Letters from Lodi
An insightful and objective look at viticulture and winemaking from the Lodi
Appellation and the growers and vintners behind these crafts. Told from the
perspective of multi-award winning wine journalist, Randy Caparoso.
The Christopher Cellars Sprague Family Vineyard Cinsaut is a harbinger of more great things to come for the Lodi AVA
Still another sign that the Lodi Viticultural Area is moving in the right direction is the upcoming May release of the 2021 Christopher Cellars Sprague Family Vineyard Cinsaut ($30), which carries a Lodi appellation but is in fact grown in the Clements Hills sub-appellation of Lodi.
This varietal red is a seemingly effortless expression of Lodi; that is, the region's propensity to yield rounder, fruit-forward wines, reflecting the region's gloriously undiminished summer sun. The wine itself is bursting with a bright fruit aroma and flavor suggesting spiced cranberry and blueberry pie, couched in a soft, medium, sleek, easy yet zesty edged medium body (finished with just 12.21% alcohol). There is a very moderate tannin structure, and the oak influence (6 months in strictly neutral French oak) practically nonexistent, allowing the naturally compelling qualities of the grape to ring clear and free...Continue »
Garagiste, as you might surmise, is French for "garage." The term first clicked in Bordeaux, France during the mid-1990s, when a group of home winemakers in Bordeaux began to produce and sell miniscule amounts of red Bordeaux literally in their garages. Hence, the imaginative parlance of the time, vins de garagiste, or "garage wines..."Continue »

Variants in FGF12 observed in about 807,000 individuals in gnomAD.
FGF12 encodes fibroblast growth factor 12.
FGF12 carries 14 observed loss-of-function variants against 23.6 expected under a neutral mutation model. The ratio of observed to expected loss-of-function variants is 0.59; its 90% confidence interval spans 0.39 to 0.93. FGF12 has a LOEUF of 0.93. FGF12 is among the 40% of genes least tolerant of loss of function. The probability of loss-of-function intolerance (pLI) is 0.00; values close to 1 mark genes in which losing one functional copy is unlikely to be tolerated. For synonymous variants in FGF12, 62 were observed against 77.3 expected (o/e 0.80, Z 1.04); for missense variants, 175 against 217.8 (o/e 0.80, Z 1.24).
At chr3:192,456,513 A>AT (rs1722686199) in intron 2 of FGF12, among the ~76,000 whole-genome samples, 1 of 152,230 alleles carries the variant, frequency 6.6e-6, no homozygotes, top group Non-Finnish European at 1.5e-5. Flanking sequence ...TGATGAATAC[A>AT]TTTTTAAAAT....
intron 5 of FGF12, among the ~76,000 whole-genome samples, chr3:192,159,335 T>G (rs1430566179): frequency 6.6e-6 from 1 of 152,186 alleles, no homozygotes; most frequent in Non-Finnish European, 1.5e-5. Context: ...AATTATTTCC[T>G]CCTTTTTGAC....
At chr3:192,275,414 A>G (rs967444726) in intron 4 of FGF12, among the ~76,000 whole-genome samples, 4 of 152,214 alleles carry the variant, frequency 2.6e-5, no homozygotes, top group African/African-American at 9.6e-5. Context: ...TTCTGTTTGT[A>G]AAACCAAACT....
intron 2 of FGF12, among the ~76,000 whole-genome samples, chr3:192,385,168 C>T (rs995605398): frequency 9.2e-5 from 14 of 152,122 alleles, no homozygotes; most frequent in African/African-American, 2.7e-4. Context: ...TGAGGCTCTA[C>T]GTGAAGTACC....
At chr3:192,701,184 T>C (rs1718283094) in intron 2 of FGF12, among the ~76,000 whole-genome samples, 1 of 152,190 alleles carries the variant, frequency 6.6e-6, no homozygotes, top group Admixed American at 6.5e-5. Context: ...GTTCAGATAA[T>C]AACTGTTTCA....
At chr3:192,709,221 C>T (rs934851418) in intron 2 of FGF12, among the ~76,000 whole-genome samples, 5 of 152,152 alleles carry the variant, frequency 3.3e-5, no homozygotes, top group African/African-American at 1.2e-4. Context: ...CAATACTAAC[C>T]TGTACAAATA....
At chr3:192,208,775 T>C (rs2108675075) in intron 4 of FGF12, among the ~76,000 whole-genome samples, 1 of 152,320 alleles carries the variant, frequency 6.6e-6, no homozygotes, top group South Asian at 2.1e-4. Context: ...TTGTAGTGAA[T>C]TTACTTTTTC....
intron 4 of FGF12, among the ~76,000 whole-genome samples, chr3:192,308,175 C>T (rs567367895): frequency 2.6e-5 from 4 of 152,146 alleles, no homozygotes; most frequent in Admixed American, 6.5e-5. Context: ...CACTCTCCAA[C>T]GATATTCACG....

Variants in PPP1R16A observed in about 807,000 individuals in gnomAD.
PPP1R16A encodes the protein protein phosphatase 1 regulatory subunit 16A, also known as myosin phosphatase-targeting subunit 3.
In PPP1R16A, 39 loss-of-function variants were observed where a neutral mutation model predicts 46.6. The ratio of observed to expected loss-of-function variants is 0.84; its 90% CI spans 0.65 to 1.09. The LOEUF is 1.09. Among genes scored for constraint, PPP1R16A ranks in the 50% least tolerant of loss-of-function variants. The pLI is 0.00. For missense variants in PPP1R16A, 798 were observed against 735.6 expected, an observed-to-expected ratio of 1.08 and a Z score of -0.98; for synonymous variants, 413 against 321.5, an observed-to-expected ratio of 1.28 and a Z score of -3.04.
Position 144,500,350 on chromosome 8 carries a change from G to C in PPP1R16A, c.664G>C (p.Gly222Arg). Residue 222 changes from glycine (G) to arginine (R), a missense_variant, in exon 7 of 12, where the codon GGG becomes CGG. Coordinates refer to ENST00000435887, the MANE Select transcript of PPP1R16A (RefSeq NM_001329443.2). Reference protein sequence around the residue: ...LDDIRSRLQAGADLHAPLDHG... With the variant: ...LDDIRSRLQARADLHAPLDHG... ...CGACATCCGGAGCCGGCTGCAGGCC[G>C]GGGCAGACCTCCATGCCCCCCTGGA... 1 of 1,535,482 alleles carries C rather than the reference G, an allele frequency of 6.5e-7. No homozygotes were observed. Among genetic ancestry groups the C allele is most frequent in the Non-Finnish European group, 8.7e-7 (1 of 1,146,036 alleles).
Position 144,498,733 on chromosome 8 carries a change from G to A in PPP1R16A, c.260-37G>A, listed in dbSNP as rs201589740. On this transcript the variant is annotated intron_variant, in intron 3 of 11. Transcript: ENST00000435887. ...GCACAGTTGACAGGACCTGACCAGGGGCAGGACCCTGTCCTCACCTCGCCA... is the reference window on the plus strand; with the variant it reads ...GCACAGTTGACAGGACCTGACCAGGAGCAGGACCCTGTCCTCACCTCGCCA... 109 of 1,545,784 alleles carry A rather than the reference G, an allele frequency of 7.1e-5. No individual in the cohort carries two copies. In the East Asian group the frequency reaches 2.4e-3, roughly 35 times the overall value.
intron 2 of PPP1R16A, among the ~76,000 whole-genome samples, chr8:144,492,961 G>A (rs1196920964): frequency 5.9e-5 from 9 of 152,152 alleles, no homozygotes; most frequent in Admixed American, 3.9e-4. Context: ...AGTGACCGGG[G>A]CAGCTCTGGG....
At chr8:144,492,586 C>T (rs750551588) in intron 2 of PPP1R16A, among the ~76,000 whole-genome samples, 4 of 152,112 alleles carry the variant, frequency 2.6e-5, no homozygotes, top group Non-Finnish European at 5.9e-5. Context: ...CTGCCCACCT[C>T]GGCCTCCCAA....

A wine can be described as "balanced" when all its sensory qualities are in harmony, without excess of one element or another. That is to say: Acidity is balanced when a wine is neither too puckery nor so soft that it lacks freshness or crispness. Tannin is balanced when the wine is not unpleasantly bitter or astringent. Body is in balance when alcohol does not taste harsh or hot. Aromatic qualities — such as oak, herbiness or fruitiness — are all subjective to a beholder's ability to perceive them, which depends upon the volume of a person's "taste memory," as the late Michael Broadbent MW famously put it...Continue »
The role of perception in food and wine production
When you taste wine, are you using your eyes, nose and mouth? Obviously, yes. However, there is plenty of evidence to suggest that you are not so much using sensory receptors as your actual brain, because it's the brain that tells you how everything tastes. Your nose and mouth are simply the instruments used by your central nervous system to interpret sensations. This fact has a huge impact on how we perceive wines, and thus how wines are grown and made...Continue »
One of the most interesting things to happen in the Lodi appellation just over the past three, four years is the sudden popularity of an 18-acre vineyard called Somers. Ten years ago the owners of Somers Vineyard couldn't give their fruit away because it produces a transluscent, light red wine (barely 12% ABV) with a low fruit profile and absolutely no tannin backbone. Before that, the only people interested were grape concentrate producers.
Yet the Somers Vineyard is a beautiful site, located right along a bend of the Mokelumne River. The plants themselves, with roots dipping into the water table, are tall, rather majestic, vertical cordon trained vines with tree-like trunks, planted some 50 years ago. The problem was, the vineyard is planted to Mission vines, a grape variety from which the California wine industry has been trying to run away for over 170 years...Continue »